Globe and Mail Dismissed by Justin Trudeau as merely a crass American salesman's move to pawn off the latest high-tech US-built nuclear subs to what we have to therefore assume he thinks are the total idiot Aussies, the three-nation deal didn't even include Canada in the talks leading up to the historic pact. And after Trudeau's comments on the matter (and the aforementioned attitude toward the Aussies), you can understand why.
"Prime Minister Justin Trudeau on Thursday played down Canada’s exclusion from the Indo-Pacific security deal, saying it is merely a way for the U.S. to sell nuclear submarines to Australia ... “This is a deal for nuclear submarines, which Canada is not currently or any time soon in the market for. Australia is.”"
In a clear indication that even Trudeau's political bro Joe Biden doesn't actually take him or Canada seriously anymore (forcing one to wonder if his high-fivin' bro Barack Obama doesn't also come off as a bit two-faced after Obama gave Trudeau a campaign "endorsement" this week), even Canadian officials were left in the dark. Almost like Canada can't even be trusted anymore on any level.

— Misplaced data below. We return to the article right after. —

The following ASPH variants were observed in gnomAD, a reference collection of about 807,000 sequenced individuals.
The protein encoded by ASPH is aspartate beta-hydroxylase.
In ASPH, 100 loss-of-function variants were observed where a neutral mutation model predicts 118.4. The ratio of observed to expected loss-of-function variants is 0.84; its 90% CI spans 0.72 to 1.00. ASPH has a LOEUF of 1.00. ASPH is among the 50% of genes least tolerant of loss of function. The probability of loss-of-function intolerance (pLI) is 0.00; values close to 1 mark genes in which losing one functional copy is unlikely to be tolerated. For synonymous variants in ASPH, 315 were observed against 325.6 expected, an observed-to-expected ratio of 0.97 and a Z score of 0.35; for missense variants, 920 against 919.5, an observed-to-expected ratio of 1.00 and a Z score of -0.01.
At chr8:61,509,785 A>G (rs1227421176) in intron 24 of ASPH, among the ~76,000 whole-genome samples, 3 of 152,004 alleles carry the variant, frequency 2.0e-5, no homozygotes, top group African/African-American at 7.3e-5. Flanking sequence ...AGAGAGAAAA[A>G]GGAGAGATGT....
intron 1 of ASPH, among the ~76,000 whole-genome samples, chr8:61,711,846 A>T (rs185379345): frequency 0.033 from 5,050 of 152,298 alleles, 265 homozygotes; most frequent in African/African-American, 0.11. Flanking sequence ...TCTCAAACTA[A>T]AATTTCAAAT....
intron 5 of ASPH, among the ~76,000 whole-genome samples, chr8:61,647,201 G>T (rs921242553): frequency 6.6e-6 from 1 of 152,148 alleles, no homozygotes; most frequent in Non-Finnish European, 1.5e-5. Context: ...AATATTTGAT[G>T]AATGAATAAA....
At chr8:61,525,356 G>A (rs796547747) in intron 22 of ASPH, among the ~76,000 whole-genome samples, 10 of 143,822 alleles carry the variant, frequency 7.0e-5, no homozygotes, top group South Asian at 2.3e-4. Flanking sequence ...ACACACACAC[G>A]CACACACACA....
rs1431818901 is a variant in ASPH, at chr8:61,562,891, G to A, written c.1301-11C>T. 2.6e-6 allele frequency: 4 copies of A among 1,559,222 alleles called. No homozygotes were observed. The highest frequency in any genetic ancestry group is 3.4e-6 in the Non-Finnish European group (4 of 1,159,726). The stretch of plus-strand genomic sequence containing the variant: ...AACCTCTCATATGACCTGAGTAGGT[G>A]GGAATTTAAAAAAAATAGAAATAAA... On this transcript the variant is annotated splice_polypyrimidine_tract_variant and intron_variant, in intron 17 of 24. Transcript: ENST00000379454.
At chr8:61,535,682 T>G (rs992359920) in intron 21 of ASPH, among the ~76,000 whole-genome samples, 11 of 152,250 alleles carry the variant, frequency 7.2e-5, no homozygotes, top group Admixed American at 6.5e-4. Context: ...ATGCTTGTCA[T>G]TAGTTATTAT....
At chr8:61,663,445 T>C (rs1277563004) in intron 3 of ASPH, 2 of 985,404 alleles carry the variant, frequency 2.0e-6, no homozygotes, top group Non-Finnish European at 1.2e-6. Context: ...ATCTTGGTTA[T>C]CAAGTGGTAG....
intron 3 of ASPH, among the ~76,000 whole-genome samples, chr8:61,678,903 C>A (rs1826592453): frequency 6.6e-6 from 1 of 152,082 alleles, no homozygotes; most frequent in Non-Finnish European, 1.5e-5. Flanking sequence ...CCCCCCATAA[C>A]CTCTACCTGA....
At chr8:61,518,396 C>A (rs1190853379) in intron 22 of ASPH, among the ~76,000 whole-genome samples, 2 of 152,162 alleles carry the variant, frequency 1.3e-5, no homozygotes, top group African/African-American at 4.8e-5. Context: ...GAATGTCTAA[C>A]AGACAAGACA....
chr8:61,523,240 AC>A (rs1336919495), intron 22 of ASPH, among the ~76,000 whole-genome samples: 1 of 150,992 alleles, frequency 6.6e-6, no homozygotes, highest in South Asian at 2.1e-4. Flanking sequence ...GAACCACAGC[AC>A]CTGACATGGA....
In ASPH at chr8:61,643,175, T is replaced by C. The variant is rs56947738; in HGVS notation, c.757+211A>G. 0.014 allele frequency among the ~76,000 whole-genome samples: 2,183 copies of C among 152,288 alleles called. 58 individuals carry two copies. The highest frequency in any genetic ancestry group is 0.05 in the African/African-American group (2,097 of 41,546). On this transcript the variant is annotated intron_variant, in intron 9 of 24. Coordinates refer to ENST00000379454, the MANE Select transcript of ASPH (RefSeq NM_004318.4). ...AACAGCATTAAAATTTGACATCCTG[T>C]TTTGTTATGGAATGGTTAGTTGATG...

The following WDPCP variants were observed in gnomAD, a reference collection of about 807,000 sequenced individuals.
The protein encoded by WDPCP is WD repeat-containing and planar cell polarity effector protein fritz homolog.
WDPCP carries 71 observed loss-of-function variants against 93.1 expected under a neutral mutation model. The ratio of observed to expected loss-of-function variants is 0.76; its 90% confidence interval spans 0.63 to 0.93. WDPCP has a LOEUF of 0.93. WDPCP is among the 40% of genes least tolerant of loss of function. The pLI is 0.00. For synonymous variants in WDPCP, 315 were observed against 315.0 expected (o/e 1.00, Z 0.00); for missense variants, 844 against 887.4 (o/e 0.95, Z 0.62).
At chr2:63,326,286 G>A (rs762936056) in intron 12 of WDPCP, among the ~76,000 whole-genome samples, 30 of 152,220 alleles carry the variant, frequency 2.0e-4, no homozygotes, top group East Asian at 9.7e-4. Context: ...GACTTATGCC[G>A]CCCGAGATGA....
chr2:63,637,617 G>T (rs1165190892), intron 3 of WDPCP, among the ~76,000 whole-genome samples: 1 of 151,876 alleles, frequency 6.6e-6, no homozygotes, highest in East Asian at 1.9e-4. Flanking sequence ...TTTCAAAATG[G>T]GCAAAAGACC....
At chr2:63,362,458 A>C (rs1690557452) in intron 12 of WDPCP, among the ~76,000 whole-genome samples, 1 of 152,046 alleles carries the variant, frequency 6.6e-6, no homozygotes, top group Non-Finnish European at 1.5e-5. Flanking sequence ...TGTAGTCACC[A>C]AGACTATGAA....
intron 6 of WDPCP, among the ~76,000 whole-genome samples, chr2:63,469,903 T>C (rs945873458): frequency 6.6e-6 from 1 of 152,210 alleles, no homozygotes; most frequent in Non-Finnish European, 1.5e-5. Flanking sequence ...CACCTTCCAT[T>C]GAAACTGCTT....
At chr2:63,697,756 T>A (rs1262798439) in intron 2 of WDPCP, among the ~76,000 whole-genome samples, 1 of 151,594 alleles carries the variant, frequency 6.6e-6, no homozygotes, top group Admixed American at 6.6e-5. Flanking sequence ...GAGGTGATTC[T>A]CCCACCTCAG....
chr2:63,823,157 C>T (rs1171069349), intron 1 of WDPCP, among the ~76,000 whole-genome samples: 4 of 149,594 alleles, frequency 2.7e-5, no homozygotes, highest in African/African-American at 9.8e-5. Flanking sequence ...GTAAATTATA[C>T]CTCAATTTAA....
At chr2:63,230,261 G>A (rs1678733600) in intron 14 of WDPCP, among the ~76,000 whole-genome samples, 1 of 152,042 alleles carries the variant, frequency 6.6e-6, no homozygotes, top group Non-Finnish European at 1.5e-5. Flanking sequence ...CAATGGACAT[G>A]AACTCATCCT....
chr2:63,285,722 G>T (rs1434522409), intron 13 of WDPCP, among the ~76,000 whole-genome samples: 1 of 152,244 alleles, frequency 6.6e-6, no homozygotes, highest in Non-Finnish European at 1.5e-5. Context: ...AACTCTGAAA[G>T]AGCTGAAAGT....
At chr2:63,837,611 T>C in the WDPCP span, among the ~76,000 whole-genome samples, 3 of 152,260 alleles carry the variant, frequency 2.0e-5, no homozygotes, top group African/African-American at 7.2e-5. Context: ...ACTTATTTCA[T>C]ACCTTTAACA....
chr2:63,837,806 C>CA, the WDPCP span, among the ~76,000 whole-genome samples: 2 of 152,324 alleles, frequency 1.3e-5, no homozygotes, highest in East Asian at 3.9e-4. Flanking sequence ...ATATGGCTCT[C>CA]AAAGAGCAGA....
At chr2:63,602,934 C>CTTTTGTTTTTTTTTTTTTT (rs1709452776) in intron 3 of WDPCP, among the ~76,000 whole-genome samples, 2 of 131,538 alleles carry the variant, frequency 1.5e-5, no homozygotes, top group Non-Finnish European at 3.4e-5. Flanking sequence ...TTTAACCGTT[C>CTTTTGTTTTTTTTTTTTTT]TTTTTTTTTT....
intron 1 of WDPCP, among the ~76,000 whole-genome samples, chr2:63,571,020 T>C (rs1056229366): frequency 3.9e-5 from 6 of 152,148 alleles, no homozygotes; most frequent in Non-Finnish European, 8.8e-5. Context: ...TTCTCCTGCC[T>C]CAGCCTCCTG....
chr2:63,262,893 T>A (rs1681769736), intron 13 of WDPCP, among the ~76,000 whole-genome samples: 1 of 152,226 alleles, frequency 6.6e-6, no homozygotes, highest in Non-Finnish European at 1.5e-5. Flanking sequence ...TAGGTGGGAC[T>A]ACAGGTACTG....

"Three officials, representing Canada’s foreign affairs, intelligence and defence departments, told The Globe and Mail that Ottawa was not consulted about the pact, and had no idea the trilateral security announcement was coming until it was made on Wednesday by U.S. President Joe Biden, British Prime Minister Boris Johnson and Australian Prime Minister Scott Morrison."

Trudeau, in contrast, delayed Canada's Wuhan Virus immunization program by signing a deal not with the Americans or Brits, but with... CHINA, for vaccines, in what turned out to be a total failure with countless Canadian lives lost as a result. What is going on here?

The Article

You cannot have a police force without a code of rules—most of them unwritten